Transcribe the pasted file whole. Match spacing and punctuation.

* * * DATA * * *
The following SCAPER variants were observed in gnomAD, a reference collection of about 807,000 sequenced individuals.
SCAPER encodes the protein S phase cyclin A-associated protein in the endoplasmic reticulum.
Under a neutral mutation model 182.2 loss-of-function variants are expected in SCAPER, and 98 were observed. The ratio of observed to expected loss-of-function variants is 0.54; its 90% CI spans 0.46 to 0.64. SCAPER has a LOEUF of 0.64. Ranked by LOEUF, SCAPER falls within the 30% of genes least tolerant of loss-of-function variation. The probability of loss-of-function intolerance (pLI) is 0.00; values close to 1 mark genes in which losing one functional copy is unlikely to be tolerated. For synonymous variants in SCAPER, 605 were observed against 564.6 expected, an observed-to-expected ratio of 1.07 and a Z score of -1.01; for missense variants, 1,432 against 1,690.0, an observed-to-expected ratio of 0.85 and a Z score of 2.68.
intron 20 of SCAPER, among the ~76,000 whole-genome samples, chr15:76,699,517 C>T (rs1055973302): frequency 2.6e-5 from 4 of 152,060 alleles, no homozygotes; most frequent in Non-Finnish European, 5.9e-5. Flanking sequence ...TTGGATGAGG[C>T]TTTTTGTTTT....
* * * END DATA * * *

The following SCAPER variants were observed in gnomAD, a reference collection of about 807,000 sequenced individuals.
SCAPER encodes the protein S phase cyclin A-associated protein in the endoplasmic reticulum.
Under a neutral mutation model 182.2 loss-of-function variants are expected in SCAPER, and 98 were observed. The ratio of observed to expected loss-of-function variants is 0.54; its 90% CI spans 0.46 to 0.64. SCAPER has a LOEUF of 0.64. Ranked by LOEUF, SCAPER falls within the 30% of genes least tolerant of loss-of-function variation. The probability of loss-of-function intolerance (pLI) is 0.00; values close to 1 mark genes in which losing one functional copy is unlikely to be tolerated. For synonymous variants in SCAPER, 605 were observed against 564.6 expected, an observed-to-expected ratio of 1.07 and a Z score of -1.01; for missense variants, 1,432 against 1,690.0, an observed-to-expected ratio of 0.85 and a Z score of 2.68.
intron 20 of SCAPER, among the ~76,000 whole-genome samples, chr15:76,699,517 C>T (rs1055973302): frequency 2.6e-5 from 4 of 152,060 alleles, no homozygotes; most frequent in Non-Finnish European, 5.9e-5. Flanking sequence ...TTGGATGAGG[C>T]TTTTTGTTTT....